With Research Institutes like The Farnsworth Group reporting a major labor shortage threatening the U.S. construction industry, contractors are gradually relying on innovative building technology for a vital solution sure to make a lasting impact. Though robotics prices for units like the SAM100 can reach up to $500,000, their construction assistance can double production rates according to product testimonies and company claims.
Roughly 44% of contractors are reporting a small negative business impact after a dire economic year during the COVID-19 pandemic while millions across the United States remain unemployed and desperate for work, though job vacancies are at an all-time high. Along with major labor shortages, material shortages and delivery delays are causing many contractors to lack the assistance they need in order to meet the demands of a post-pandemic backlog. In a time of quick adaptation, all eyes fall to the technological laborers of the future.
Companies like MIT and Construction Robotics are jumping to the rescue with automated robots designed to usher in greater productivity and profitability for contractors on job sites where labor is scarce. By taking workloads off of inundated masons and carpenters, products like the MULE, SAM100, and CSAIL AutoSaw are the trailblazers of an innovative construction industry.
Designed by Construction Robotics, the MULE (Material Unit Lift Enhancer) is a lift-assist rig meant to improve safety and efficiency on construction sites by taking the weight off of masons and doubling the square footage accomplished by an individual worker. The Construction Robotics website reports “2X productivity resulted from using MULE with 32″ CMU blocks” while standard masonry blocks measure 16 inches.
The custom unit is designed to adapt to onsite variables by mounting to scaffolding or climbing platforms to get the job done even in the most adverse environments. Above all, the ergonomic MULE is meant to keep masonry crews safe by limiting the strain of an average workday, preventing injury and speeding along the bricklaying process for max productivity.
The MULE has been shown to double and even triple productivity on work sites according to Construction Robotics, significantly cutting down construction time while ensuring precision and safety. At a cost of $60,000, the lift-support robot is still an up-and-coming investment for construction companies across the country, but because its service generates greater revenue and limits the risk of work-related injury by lifting cement blocks for masons, it may be a venture worth taking.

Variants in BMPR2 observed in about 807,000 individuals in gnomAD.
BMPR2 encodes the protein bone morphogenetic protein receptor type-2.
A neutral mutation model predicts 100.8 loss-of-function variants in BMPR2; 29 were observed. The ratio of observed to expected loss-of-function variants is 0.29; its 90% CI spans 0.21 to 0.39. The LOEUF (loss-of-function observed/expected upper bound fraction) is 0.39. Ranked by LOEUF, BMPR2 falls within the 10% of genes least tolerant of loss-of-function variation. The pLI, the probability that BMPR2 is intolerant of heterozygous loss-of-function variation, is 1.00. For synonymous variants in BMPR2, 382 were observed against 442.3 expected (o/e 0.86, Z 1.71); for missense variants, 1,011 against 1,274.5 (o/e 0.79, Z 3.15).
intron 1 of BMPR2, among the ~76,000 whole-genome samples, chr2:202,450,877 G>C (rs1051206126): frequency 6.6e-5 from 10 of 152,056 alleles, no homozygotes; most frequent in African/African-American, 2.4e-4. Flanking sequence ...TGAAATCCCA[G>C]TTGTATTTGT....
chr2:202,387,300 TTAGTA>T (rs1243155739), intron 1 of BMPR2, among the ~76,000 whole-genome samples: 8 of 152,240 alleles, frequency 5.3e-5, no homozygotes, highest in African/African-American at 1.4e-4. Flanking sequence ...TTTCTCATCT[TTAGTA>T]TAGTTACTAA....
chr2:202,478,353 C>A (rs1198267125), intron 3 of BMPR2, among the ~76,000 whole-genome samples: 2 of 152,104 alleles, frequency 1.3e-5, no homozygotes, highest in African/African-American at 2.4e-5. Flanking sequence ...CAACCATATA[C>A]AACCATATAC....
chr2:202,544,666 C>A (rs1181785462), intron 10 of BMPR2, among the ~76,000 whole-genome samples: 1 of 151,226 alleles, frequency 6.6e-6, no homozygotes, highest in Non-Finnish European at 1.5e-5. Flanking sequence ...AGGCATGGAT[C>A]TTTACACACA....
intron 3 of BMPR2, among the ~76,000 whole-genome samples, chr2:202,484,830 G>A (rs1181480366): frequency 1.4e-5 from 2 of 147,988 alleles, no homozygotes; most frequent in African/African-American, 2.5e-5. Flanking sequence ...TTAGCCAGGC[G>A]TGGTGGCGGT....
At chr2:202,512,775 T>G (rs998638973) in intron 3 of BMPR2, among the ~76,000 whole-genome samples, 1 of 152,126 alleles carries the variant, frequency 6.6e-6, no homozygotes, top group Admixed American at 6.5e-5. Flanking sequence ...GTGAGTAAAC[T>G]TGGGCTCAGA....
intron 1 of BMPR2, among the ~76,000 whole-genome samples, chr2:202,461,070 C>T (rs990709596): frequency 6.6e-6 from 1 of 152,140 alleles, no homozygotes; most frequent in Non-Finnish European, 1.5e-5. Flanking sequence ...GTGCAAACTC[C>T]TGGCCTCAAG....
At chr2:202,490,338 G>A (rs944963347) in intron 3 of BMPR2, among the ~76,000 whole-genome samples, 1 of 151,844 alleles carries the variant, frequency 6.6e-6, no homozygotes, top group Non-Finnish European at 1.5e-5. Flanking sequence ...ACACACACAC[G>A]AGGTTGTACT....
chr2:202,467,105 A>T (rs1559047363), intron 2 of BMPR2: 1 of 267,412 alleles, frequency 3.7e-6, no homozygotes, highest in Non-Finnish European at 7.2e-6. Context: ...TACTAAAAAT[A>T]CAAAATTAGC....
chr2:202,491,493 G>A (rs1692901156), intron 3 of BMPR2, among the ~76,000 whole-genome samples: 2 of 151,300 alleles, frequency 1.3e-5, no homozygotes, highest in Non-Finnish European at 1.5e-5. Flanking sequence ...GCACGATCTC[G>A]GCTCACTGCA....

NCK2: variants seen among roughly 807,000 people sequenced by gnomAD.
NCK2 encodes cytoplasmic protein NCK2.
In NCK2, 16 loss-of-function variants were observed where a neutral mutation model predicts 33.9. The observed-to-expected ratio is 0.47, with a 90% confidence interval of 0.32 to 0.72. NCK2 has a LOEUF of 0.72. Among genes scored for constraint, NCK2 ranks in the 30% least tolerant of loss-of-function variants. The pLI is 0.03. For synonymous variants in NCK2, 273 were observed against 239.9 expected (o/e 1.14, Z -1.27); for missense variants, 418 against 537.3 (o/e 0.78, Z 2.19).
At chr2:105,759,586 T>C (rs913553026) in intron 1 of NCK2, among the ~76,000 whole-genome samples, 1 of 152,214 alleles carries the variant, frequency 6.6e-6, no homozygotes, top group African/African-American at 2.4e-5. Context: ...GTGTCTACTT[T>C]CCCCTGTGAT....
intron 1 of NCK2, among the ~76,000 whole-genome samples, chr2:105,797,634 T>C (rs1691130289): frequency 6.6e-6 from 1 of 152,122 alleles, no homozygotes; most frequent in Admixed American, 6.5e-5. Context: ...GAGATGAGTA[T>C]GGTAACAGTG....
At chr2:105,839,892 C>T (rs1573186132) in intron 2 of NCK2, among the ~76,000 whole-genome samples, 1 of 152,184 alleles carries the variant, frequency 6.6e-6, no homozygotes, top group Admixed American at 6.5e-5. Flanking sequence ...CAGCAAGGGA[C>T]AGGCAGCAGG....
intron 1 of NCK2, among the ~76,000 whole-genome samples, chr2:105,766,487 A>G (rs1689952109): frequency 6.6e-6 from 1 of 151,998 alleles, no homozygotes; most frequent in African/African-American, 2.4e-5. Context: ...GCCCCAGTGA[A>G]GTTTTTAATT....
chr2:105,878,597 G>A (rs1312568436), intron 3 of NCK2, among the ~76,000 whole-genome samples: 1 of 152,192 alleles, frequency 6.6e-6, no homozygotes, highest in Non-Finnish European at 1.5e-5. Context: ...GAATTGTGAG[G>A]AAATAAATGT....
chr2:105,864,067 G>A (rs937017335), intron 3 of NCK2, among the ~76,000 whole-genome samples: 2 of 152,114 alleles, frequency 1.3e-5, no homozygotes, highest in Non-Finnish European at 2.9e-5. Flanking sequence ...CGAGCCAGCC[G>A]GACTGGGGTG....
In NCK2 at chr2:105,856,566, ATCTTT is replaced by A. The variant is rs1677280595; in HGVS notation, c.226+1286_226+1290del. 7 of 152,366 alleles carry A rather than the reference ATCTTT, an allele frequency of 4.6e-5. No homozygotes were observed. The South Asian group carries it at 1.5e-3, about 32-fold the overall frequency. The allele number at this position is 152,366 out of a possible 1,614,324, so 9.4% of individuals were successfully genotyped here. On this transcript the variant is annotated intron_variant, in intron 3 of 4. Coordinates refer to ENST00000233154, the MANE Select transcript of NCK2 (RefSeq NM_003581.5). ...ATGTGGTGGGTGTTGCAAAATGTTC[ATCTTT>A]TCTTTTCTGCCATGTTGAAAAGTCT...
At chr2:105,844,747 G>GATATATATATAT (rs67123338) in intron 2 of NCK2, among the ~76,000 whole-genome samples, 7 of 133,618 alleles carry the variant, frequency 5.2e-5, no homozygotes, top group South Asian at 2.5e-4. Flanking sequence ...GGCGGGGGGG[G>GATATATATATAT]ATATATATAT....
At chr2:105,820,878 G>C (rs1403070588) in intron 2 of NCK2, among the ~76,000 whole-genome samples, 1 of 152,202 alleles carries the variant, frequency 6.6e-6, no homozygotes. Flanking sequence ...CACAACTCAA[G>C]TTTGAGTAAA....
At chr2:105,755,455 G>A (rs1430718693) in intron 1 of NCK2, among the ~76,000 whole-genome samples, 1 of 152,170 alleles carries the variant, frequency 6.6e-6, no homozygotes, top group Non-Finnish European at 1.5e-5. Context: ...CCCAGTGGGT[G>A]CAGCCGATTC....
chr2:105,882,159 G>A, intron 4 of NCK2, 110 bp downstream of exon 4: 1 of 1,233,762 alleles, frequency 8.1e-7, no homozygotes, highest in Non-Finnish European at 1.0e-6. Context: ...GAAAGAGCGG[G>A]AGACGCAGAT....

While Construction Robotics’ MULE aids masons in the bricklaying process, the company’s semi-autonomous SAM100 does the work itself, serving as an ultra efficient coworker for onsite construction. SAM100 is designed to lay between 2,000-3,000 bricks a day with minor help from fellow crew members. Instead of doing the heavy lifting, masons working alongside the SAM100 are responsible for smoothing mortar and guiding their mechanical counterpart down the brick line.
Construction Robotics reports a 400 percent productivity increase from the SAM100 as well as over 50 percent labor savings, meaning a decrease in expenses allowing companies to potentially take on more projects. Despite the robot’s hefty $500,000 price tag, most construction companies currently employing SAM rent out the masonry unit at a cost of roughly $20,000 a month using 3 times less labor on average according to a project report by Rabren General Contractors. Predominantly utilized for major projects sure to bring in a greater profit margin, SAM100 is inching its way into a construction industry eager for help and ready for innovation.
Another new construction robot to hit the market is MIT’s cutting edge (literally) CSAIL AutoSaw, a unit consisting of a modified Roomba equipped with a jigsaw as well as versatile Kuka youBots which mobilize the carpentry process. A computer design system sends motion-tracking commands to MIT’s robotic crew, allowing the youBots to carry and position the wood which the AutoSaw then cuts with precision.
The AutoSaw is meant to prevent injury on job sites by taking on dangerous work while other carpenters focus on logistics. According to MIT CSAIL’s postdoc Jeffrey Lipton, the AutoSaw is less a carpenter’s competition than it is an assistant meant to cut out more mundane and time consuming aspects of their job. “By creating these tools we don’t want to replace carpenters—we want to improve safety and augment their skillset.” Though the AutoSaw is still in the final stages of production and refinement, its official introduction to the construction industry is on the horizon. By providing a hands-off approach to woodworking, the AutoSaw will also institute safer carpentry practices indicative of a more efficient and technologically savvy workforce.